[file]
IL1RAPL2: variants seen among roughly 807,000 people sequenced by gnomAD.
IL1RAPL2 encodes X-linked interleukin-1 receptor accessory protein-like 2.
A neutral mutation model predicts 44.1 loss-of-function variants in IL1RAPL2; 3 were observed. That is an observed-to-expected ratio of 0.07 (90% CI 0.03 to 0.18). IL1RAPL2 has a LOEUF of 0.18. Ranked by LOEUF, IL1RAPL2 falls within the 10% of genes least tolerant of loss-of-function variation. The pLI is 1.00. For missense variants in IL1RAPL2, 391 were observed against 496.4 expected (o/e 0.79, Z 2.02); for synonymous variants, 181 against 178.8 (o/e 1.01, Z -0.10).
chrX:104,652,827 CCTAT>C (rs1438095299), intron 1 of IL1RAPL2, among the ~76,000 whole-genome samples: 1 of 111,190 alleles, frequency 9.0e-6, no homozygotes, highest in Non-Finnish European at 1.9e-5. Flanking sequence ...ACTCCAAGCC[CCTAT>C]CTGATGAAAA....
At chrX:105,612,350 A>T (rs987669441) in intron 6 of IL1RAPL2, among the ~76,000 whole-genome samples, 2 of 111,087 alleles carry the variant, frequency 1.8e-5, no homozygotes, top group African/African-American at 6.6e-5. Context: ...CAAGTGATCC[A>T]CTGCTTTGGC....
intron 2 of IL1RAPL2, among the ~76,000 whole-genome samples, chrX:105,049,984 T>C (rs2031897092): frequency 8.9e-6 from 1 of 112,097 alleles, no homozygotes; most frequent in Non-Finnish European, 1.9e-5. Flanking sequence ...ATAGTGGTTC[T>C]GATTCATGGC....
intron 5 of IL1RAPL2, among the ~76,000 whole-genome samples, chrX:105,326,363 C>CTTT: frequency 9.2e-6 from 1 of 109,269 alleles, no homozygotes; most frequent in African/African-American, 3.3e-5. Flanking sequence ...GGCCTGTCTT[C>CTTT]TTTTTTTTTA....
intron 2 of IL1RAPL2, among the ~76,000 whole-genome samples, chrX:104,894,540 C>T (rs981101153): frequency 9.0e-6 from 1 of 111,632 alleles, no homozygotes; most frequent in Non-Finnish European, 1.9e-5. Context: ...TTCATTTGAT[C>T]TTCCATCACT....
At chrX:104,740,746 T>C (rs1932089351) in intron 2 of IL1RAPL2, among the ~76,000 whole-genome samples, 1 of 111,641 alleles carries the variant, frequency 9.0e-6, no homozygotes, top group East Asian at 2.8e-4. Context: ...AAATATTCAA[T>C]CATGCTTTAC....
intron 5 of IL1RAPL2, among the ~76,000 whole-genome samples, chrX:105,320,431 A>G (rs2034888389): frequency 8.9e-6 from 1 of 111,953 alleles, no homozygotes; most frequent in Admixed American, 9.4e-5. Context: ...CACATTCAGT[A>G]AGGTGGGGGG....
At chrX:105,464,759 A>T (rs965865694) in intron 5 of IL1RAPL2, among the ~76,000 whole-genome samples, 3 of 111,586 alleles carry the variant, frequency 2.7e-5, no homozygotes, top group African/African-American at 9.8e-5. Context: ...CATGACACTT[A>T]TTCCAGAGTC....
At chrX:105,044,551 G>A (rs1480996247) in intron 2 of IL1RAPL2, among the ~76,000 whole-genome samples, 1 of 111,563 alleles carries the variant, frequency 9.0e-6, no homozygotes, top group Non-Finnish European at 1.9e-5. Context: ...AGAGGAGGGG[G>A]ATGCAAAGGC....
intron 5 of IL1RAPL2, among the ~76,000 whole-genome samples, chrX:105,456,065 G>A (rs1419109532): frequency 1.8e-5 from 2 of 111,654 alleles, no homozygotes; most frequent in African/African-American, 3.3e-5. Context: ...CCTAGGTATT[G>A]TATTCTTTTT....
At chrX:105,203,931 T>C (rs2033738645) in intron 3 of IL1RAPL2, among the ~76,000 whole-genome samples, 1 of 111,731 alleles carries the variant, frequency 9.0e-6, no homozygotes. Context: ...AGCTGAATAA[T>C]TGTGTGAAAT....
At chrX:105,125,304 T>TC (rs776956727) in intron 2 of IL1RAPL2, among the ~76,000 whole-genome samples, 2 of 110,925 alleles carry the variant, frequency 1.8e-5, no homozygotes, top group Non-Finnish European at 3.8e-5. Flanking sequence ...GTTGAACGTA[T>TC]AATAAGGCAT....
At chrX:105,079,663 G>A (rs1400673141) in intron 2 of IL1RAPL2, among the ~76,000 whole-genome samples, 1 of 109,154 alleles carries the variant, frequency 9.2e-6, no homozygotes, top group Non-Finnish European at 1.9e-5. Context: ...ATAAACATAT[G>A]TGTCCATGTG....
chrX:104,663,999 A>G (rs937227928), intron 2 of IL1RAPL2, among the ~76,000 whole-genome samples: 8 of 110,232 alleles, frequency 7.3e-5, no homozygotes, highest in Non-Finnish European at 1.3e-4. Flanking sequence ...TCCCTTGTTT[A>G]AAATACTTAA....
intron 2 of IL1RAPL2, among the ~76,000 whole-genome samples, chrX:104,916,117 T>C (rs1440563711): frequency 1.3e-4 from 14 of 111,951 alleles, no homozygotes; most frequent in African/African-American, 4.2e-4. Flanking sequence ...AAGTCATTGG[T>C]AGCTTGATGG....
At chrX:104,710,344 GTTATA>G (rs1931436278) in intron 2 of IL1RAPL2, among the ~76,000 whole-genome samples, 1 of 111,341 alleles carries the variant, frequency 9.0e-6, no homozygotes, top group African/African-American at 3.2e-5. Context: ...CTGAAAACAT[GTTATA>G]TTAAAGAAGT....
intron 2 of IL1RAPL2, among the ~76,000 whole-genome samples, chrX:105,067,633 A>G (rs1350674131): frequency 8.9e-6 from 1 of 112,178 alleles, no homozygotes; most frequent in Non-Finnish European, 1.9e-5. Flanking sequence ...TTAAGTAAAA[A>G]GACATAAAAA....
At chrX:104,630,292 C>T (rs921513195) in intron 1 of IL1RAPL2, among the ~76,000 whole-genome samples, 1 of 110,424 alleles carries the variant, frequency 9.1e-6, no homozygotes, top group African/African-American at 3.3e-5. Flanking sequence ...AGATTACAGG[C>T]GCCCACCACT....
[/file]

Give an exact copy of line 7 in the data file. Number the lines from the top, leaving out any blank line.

intron 5 of IL1RAPL2, among the ~76,000 whole-genome samples, chrX:105,326,363 C>CTTT: frequency 9.2e-6 from 1 of 109,269 alleles, no homozygotes; most frequent in African/African-American, 3.3e-5. Flanking sequence ...GGCCTGTCTT[C>CTTT]TTTTTTTTTA....